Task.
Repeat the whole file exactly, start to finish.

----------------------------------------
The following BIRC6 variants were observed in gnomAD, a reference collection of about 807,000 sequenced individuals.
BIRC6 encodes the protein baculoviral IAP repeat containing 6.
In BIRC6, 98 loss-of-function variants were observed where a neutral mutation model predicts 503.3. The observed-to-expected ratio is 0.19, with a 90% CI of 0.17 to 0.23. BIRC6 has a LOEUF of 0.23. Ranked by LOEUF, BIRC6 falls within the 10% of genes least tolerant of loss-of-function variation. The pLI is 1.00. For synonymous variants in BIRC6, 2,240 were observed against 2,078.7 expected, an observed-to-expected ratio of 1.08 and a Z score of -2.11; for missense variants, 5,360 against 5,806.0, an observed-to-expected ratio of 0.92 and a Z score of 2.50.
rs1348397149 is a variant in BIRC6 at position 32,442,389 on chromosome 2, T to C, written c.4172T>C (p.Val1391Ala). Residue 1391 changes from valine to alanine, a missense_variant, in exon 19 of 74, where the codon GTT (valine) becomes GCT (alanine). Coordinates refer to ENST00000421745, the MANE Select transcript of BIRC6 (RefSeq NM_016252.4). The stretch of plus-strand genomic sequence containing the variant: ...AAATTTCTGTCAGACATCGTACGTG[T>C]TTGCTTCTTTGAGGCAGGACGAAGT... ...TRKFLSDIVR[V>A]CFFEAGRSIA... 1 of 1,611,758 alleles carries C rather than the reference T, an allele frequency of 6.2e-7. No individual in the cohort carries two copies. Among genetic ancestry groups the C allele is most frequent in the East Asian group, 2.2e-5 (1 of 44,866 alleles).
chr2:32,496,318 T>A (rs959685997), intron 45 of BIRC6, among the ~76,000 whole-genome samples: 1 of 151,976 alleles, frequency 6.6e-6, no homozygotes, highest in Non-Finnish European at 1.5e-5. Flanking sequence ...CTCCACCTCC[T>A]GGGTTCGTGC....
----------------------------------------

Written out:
The following BIRC6 variants were observed in gnomAD, a reference collection of about 807,000 sequenced individuals.
BIRC6 encodes the protein baculoviral IAP repeat containing 6.
In BIRC6, 98 loss-of-function variants were observed where a neutral mutation model predicts 503.3. The observed-to-expected ratio is 0.19, with a 90% CI of 0.17 to 0.23. BIRC6 has a LOEUF of 0.23. Ranked by LOEUF, BIRC6 falls within the 10% of genes least tolerant of loss-of-function variation. The pLI is 1.00. For synonymous variants in BIRC6, 2,240 were observed against 2,078.7 expected, an observed-to-expected ratio of 1.08 and a Z score of -2.11; for missense variants, 5,360 against 5,806.0, an observed-to-expected ratio of 0.92 and a Z score of 2.50.
rs1348397149 is a variant in BIRC6 at position 32,442,389 on chromosome 2, T to C, written c.4172T>C (p.Val1391Ala). Residue 1391 changes from valine to alanine, a missense_variant, in exon 19 of 74, where the codon GTT (valine) becomes GCT (alanine). Coordinates refer to ENST00000421745, the MANE Select transcript of BIRC6 (RefSeq NM_016252.4). The stretch of plus-strand genomic sequence containing the variant: ...AAATTTCTGTCAGACATCGTACGTG[T>C]TTGCTTCTTTGAGGCAGGACGAAGT... ...TRKFLSDIVR[V>A]CFFEAGRSIA... 1 of 1,611,758 alleles carries C rather than the reference T, an allele frequency of 6.2e-7. No individual in the cohort carries two copies. Among genetic ancestry groups the C allele is most frequent in the East Asian group, 2.2e-5 (1 of 44,866 alleles).
chr2:32,496,318 T>A (rs959685997), intron 45 of BIRC6, among the ~76,000 whole-genome samples: 1 of 151,976 alleles, frequency 6.6e-6, no homozygotes, highest in Non-Finnish European at 1.5e-5. Flanking sequence ...CTCCACCTCC[T>A]GGGTTCGTGC....